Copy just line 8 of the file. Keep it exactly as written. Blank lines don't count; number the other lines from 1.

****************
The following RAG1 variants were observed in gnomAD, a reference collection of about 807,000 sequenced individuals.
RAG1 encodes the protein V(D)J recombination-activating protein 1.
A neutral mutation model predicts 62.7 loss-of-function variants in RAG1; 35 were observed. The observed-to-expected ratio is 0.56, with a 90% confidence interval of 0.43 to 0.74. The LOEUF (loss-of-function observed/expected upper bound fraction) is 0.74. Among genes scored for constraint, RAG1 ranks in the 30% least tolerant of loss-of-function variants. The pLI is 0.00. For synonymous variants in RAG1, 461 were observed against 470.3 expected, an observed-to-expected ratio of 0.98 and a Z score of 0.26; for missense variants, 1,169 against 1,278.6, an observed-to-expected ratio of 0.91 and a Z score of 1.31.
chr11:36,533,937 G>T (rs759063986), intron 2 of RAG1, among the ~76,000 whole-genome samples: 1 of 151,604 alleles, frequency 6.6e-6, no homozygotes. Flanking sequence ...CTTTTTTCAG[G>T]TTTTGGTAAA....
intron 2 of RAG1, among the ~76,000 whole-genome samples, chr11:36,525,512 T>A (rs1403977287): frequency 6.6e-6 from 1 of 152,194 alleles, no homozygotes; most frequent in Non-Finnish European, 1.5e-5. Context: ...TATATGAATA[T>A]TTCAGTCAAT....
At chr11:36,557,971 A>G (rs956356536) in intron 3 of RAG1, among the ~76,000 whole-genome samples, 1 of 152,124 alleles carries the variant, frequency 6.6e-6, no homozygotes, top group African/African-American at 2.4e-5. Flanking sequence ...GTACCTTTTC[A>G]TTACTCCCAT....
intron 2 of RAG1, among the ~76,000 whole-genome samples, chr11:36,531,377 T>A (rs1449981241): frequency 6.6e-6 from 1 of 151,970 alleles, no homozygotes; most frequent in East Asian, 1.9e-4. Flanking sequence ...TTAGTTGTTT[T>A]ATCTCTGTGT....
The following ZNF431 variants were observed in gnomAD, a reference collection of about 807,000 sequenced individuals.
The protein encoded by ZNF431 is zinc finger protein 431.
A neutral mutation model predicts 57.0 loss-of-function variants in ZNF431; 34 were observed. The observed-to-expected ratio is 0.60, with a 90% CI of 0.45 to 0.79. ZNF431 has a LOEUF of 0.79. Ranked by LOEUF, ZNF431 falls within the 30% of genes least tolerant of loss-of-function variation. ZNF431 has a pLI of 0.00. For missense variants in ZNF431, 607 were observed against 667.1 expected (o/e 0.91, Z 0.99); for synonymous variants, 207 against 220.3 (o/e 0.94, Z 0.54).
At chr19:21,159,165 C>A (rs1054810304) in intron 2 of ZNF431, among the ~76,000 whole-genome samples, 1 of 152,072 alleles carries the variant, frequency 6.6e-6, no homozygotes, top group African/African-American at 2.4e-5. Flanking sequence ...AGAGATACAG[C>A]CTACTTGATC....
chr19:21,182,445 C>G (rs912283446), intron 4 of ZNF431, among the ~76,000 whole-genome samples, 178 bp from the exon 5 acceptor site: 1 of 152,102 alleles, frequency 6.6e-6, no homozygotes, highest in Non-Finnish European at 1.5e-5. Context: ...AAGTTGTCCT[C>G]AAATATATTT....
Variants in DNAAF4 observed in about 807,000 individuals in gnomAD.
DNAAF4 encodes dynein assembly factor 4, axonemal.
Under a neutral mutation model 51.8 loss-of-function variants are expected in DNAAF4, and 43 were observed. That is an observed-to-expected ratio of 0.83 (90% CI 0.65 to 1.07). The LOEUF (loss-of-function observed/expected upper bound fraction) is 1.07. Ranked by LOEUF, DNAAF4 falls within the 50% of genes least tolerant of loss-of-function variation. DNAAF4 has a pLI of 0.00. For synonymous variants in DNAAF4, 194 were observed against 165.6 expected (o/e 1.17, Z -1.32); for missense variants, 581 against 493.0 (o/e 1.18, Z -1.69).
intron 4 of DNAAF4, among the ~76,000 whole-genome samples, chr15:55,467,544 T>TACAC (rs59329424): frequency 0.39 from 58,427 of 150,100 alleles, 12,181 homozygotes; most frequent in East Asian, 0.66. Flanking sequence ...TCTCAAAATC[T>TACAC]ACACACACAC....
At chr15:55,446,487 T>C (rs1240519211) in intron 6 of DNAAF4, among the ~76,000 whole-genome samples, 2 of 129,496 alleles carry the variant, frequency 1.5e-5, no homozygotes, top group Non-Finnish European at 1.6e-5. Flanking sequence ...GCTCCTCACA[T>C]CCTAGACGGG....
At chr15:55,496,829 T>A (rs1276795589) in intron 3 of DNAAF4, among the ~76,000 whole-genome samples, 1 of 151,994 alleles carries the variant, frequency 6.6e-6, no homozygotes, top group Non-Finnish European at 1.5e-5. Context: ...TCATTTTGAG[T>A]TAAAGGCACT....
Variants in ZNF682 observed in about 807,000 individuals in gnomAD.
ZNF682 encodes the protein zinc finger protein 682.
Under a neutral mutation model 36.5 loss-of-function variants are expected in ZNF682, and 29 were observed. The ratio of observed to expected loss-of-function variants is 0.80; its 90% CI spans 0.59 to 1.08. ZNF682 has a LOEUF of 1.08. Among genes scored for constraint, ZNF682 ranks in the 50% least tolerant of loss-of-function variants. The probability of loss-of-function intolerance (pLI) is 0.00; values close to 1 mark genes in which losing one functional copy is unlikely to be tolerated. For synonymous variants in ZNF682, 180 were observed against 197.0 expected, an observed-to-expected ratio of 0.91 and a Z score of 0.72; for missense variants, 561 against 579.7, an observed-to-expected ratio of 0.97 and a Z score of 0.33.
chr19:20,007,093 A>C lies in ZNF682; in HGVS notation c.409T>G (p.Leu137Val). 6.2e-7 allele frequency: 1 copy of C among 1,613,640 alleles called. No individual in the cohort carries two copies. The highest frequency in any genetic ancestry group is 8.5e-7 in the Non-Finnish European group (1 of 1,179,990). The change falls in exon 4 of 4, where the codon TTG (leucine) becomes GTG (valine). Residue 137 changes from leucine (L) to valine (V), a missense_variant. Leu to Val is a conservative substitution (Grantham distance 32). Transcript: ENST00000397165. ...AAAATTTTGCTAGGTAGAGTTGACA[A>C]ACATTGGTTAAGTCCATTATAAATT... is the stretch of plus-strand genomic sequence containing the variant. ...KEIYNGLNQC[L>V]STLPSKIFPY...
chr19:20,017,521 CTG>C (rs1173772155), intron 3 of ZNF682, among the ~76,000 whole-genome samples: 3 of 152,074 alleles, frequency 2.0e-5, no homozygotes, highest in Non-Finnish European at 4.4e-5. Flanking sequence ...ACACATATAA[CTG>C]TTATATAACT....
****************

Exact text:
The following ZNF431 variants were observed in gnomAD, a reference collection of about 807,000 sequenced individuals.